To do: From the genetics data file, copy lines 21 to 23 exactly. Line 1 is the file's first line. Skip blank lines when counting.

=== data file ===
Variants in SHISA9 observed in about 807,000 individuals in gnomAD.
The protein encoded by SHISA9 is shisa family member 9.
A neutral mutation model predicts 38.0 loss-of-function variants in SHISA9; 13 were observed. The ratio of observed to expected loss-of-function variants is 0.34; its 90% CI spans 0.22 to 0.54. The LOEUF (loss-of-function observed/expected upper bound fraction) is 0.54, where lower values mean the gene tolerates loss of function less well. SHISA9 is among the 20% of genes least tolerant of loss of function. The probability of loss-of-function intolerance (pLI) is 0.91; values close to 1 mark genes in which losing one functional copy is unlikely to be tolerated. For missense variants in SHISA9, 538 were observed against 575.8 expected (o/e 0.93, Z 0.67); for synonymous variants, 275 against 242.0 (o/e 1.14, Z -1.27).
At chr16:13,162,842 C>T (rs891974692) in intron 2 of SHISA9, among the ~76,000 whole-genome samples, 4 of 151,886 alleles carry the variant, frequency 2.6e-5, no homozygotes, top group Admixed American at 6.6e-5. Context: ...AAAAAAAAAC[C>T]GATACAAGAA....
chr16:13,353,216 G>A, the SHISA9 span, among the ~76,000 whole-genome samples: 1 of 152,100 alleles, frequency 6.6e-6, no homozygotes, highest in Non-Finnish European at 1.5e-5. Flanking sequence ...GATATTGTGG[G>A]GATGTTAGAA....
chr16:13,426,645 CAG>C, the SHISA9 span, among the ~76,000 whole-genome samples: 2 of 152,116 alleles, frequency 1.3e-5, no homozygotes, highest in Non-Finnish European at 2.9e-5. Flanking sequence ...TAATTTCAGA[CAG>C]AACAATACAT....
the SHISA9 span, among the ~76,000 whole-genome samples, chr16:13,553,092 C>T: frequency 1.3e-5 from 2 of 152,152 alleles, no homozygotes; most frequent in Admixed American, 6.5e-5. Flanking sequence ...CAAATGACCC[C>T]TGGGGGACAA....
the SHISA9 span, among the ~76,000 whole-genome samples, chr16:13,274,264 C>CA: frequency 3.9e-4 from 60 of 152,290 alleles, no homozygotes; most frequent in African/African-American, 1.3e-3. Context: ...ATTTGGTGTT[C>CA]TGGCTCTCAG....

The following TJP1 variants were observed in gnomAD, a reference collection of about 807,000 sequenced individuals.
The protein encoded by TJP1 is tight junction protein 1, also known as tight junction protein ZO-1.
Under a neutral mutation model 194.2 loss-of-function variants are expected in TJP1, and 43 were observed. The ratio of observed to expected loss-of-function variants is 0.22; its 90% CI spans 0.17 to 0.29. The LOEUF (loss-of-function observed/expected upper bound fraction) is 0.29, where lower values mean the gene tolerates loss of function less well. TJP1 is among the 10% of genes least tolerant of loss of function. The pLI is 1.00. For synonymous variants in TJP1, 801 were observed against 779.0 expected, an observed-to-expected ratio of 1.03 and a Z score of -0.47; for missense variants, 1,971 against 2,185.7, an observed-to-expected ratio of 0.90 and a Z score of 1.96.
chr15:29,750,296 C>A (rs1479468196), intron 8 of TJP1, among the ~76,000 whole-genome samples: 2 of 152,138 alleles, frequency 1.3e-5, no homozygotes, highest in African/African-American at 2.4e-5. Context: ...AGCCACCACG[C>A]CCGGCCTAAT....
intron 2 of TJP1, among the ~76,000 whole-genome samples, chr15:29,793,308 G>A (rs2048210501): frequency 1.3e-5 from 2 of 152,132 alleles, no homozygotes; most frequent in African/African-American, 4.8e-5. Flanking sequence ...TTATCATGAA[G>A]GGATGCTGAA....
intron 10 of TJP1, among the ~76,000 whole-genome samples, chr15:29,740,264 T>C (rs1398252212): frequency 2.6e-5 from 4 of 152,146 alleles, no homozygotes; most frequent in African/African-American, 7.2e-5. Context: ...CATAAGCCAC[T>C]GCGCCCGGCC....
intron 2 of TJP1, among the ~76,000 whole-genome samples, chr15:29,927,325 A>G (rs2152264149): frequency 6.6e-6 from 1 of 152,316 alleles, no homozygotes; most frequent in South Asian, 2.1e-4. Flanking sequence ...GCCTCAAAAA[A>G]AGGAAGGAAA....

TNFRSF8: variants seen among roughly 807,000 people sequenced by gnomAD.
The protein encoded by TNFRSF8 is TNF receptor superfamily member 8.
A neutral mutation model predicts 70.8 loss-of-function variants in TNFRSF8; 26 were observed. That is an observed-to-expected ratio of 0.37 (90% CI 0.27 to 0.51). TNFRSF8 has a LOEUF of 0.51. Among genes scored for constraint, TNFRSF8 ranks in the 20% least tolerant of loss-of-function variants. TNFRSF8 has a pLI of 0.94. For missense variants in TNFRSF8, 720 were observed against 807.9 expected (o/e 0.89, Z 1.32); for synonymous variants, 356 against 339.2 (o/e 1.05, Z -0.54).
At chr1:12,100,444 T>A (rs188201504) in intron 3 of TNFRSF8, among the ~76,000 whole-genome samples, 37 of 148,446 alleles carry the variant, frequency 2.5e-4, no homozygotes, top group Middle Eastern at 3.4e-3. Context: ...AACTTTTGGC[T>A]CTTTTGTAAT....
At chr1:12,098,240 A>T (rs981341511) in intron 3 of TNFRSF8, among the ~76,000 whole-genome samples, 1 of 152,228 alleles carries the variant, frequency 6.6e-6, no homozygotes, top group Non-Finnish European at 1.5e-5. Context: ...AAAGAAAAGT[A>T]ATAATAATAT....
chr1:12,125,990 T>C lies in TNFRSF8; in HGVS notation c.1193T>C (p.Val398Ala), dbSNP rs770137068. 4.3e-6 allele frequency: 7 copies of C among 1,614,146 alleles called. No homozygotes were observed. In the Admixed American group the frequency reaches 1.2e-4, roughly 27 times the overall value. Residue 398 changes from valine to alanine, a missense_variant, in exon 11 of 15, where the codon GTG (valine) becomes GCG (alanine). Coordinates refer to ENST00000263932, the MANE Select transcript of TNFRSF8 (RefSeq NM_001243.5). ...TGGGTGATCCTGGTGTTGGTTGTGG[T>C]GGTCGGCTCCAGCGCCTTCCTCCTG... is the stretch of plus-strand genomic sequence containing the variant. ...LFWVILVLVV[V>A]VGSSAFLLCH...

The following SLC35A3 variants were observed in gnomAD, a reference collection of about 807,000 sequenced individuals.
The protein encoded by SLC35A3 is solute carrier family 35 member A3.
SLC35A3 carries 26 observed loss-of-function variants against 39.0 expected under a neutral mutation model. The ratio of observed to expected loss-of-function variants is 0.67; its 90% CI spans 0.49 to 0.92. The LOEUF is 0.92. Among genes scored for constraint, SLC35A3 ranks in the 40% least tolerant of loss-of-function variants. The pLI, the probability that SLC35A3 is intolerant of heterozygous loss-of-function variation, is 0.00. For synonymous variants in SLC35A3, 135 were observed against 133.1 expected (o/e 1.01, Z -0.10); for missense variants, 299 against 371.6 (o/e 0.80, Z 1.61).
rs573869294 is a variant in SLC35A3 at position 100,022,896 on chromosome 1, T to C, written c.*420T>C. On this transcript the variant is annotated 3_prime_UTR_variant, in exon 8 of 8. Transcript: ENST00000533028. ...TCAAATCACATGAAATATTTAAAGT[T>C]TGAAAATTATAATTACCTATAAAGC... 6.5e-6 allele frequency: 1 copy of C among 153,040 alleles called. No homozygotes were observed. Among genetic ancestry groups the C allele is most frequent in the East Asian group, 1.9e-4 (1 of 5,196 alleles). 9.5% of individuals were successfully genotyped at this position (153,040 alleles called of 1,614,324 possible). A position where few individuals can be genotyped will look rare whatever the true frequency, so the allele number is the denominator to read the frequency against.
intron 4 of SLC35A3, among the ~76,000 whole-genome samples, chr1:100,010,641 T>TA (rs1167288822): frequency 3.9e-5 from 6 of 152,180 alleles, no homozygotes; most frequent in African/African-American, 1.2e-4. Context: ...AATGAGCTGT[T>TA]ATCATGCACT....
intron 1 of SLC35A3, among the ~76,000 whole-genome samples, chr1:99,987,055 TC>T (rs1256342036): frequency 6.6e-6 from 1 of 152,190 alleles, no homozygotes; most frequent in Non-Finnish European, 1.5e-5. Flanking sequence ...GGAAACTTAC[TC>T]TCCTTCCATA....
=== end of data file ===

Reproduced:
chr1:12,125,990 T>C lies in TNFRSF8; in HGVS notation c.1193T>C (p.Val398Ala), dbSNP rs770137068. 4.3e-6 allele frequency: 7 copies of C among 1,614,146 alleles called. No homozygotes were observed. In the Admixed American group the frequency reaches 1.2e-4, roughly 27 times the overall value. Residue 398 changes from valine to alanine, a missense_variant, in exon 11 of 15, where the codon GTG (valine) becomes GCG (alanine). Coordinates refer to ENST00000263932, the MANE Select transcript of TNFRSF8 (RefSeq NM_001243.5). ...TGGGTGATCCTGGTGTTGGTTGTGG[T>C]GGTCGGCTCCAGCGCCTTCCTCCTG... is the stretch of plus-strand genomic sequence containing the variant. ...LFWVILVLVV[V>A]VGSSAFLLCH...

The following SLC35A3 variants were observed in gnomAD, a reference collection of about 807,000 sequenced individuals.
The protein encoded by SLC35A3 is solute carrier family 35 member A3.